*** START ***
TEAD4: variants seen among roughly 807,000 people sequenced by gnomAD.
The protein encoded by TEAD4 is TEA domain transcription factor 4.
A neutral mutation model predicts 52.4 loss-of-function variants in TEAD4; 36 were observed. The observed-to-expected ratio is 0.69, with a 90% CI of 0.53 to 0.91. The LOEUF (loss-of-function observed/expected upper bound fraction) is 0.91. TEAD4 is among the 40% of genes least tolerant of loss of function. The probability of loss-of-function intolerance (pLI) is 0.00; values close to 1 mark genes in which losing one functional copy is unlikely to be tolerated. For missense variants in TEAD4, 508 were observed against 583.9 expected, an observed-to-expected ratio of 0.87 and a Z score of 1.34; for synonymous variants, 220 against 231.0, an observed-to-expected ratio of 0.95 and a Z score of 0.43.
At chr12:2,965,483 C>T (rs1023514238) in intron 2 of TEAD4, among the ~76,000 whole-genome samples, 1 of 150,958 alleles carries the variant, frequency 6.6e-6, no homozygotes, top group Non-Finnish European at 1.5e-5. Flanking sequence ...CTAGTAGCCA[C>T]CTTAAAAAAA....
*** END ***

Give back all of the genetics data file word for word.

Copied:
TEAD4: variants seen among roughly 807,000 people sequenced by gnomAD.
The protein encoded by TEAD4 is TEA domain transcription factor 4.
A neutral mutation model predicts 52.4 loss-of-function variants in TEAD4; 36 were observed. The observed-to-expected ratio is 0.69, with a 90% CI of 0.53 to 0.91. The LOEUF (loss-of-function observed/expected upper bound fraction) is 0.91. TEAD4 is among the 40% of genes least tolerant of loss of function. The probability of loss-of-function intolerance (pLI) is 0.00; values close to 1 mark genes in which losing one functional copy is unlikely to be tolerated. For missense variants in TEAD4, 508 were observed against 583.9 expected, an observed-to-expected ratio of 0.87 and a Z score of 1.34; for synonymous variants, 220 against 231.0, an observed-to-expected ratio of 0.95 and a Z score of 0.43.
At chr12:2,965,483 C>T (rs1023514238) in intron 2 of TEAD4, among the ~76,000 whole-genome samples, 1 of 150,958 alleles carries the variant, frequency 6.6e-6, no homozygotes, top group Non-Finnish European at 1.5e-5. Flanking sequence ...CTAGTAGCCA[C>T]CTTAAAAAAA....